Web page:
Over the past couple of weeks, I’ve been reflecting on wisdom shared by John Dominic Crossan at the CAC’s Universal Christ conference. Today I want to continue my Eastertide series by exploring further an idea he shared in his most recent book, which I mentioned two weeks ago. Resurrecting Easter talks about two very different understandings of Jesus’ resurrection: the individual and the communal.
The earliest surviving images of the resurrection aren’t of the resurrection itself, but of an empty tomb and either sleeping or watching guards. Later, Jesus is shown sitting up in the grave, or standing in it. Still later, and only in the Eastern church (not in the Roman Catholic West), Jesus is shown rising from the grave and reaching out to take others with him, most notably Adam and Eve, with David and Solomon looking on (and presumably also benefiting).
That communal, or “universal,” resurrection is not something I’d pondered much before, but it’s described in Matthew’s gospel. The tradition became more real to me when we visited Jerusalem, where the sides of the Kidron Valley are filled with graves, of Jews who want to be first to greet the Messiah when he comes (above the buses in the image above), of Christians who want to be first to greet the Messiah when he returns (below the buses), and of Muslims on the other side of the valley who want to prevent anyone from entering Jerusalem when the Messiah comes.
As I’ve pondered this concept of a communal resurrection, I wonder why the West didn’t embrace the idea. Were the seeds of our rampant individualism already influencing an us vs. them mentality—that only some people would benefit from God’s abundant grace—or did all those images of Christ rising alone influence the individualism that now so heavily influences the capitalist West? As I view images in Crossan’s book of Jesus reaching out to lift others up, I wonder which came first….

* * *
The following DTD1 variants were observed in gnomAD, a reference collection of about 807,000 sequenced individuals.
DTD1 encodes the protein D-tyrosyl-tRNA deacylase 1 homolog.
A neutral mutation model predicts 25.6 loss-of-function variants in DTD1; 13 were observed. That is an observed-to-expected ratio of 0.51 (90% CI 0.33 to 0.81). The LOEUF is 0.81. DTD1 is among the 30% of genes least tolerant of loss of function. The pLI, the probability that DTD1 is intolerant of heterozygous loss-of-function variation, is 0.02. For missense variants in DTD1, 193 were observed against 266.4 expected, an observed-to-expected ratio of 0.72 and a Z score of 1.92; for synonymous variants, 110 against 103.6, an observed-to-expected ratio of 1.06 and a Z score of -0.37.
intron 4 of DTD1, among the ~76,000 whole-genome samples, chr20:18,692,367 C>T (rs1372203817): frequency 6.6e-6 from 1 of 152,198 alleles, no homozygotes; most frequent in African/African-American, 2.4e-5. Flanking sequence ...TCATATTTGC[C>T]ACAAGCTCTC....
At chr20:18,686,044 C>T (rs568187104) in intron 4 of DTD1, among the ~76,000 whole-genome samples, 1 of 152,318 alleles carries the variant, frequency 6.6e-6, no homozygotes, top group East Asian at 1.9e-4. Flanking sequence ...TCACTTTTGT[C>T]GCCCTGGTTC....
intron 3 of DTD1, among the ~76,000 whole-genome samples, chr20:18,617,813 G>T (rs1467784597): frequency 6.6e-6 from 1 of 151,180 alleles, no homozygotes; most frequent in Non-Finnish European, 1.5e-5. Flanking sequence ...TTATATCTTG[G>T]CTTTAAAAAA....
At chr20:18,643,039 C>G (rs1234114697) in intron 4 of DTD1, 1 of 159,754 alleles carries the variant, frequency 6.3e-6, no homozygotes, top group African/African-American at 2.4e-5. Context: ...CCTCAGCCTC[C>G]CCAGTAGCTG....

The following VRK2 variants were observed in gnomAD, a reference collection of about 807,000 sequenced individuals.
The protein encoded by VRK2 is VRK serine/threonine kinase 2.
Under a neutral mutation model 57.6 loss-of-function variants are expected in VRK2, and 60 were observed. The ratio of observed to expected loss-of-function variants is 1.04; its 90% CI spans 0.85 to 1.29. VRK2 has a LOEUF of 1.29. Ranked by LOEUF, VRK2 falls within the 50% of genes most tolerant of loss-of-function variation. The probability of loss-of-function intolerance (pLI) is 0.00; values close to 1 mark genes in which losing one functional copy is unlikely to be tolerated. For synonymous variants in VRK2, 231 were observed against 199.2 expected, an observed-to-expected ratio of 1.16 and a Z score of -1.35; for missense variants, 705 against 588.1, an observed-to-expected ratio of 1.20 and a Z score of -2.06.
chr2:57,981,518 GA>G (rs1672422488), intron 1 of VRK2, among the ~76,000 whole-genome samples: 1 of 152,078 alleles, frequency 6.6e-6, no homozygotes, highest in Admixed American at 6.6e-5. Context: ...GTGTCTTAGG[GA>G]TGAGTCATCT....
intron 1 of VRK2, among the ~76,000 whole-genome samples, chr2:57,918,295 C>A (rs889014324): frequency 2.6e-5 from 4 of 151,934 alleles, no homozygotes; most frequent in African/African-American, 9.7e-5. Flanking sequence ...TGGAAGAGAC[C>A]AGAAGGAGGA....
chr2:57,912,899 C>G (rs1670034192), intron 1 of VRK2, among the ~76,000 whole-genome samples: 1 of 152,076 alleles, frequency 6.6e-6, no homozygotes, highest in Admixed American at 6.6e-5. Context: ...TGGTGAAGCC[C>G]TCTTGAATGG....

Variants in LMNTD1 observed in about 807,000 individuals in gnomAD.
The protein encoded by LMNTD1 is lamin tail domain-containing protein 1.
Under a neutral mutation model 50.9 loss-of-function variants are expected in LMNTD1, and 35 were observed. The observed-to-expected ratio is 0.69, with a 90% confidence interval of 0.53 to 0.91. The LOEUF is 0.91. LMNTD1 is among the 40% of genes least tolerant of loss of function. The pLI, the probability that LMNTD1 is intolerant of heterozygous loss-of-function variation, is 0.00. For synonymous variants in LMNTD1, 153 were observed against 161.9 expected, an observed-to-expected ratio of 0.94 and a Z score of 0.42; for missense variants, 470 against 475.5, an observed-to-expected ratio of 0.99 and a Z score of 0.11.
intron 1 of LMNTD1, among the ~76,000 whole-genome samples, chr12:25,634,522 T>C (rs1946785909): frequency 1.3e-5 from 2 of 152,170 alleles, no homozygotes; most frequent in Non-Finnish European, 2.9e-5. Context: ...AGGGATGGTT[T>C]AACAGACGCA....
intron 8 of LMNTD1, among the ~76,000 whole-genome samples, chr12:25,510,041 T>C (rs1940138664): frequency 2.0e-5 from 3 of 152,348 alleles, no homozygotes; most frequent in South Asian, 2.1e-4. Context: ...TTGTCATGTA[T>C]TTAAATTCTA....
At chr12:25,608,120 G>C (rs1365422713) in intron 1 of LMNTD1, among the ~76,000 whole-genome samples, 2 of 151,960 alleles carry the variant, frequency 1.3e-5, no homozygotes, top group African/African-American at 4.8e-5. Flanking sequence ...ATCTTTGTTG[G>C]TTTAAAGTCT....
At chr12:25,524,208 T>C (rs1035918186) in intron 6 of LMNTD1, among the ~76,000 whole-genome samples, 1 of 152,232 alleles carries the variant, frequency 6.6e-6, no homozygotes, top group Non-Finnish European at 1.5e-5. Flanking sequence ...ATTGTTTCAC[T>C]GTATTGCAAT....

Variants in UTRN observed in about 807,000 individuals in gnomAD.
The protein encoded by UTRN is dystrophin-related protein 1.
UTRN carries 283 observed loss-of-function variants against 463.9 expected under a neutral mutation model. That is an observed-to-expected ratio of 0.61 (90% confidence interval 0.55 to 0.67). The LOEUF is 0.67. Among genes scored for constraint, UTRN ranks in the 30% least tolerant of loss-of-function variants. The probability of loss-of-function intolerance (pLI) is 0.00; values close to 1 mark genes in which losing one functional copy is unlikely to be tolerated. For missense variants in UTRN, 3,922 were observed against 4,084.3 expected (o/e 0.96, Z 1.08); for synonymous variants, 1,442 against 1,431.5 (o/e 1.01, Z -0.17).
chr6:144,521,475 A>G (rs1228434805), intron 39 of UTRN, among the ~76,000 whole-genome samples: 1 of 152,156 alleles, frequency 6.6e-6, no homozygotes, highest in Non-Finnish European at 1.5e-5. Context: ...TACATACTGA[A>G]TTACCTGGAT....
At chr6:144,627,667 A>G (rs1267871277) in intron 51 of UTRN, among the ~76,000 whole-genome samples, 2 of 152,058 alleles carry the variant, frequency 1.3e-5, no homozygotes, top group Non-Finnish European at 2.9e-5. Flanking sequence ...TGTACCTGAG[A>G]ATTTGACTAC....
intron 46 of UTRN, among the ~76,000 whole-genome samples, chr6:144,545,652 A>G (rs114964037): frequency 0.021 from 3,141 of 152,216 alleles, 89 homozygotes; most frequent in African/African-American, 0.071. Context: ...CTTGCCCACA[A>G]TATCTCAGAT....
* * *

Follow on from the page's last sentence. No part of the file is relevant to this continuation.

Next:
I will say this. I do not believe that Christ would condone our modern Western individualism. When he healed people, he told them to go home and spread the good news. He fed groups of thousands, not lucky individuals. He sent his disciples, and then many more followers, out two by two—to minister to others. We are not meant to think, or act, only for ourselves.
Therefore, as we engage in resurrection, in uprising, it can’t just be for us alone. We need to reach out and bring others with us as we rise.
How might you advance Jesus’ revolutionary message of communal resurrection by reaching out to those who need to be lifted up today?
Wonderful writing and new thoughts. As to Jesus ministering to groups, that’s true. But there are also many stories of Him caring/healing individuals and telling them to go tell others. He especially did this for women which has given me so much strength over the years. It has helped me realize I’m not alone even when I am physically (I feel like I’ve spent the majority of my life totally alone especially these last 14 years). But American individualism is hard on the church overall and I too don’t think Jesus condones it. So, this dual way of seeing the resurrection makes me think too…
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Hi, Nila! I’m so glad you appreciate my thoughts. I agree about Jesus caring for individuals and instructing them to tell others. I’m so glad that these stories have strengthened you. We are never alone spiritually, even when we are alone physically—and I bet Jesus would say that we shouldn’t be alone physically, either. Our modern culture has done a terribly effective job of isolating us, in so many ways. So I’m glad you feel connected through this blog and I pray you feel my love through these words….
Why do you think Jesus thinks like you do? He might find American individualism (whatever that might be) disdainful. Then again, maybe not. At least we are all free to seek Him. The government does not control His Church, as it does in China.
Don’t get me wrong, if you hate Americ a, or any part if it fine. Just don’t think Jesus came to validate your prejudices, however valid or justifiable your prejudices may be.
Well, David, I would say that American government doesn’t control the church (which is not one church, but a myriad of individual groups with differing interpretations of Jesus’ message), but our government does support some manifestations of the church more than others. We are all free to seek Jesus. We all also tend to think that Jesus thinks like we do, at least to some extent. That’s why we need to talk with each other: to build out and expand upon our understanding of God in Christ. I don’t think Jesus came to validate my ideas, or yours either. 🙂
As a very visual learner this makes me want to see the pictures in Crossan’s book. In my own minds eye I can see Jesus reaching out… as he does so often to pull us up, push us forward, turn us around. Thanks for inspiring words and the challenge to be the uplifting hand.
You’re welcome, Joyce. The pictures are definitely interesting, and varied…clearly our understanding of resurrection has changed over the centuries. I’m glad my words are inspiring and challenge you to act as Christ in the world.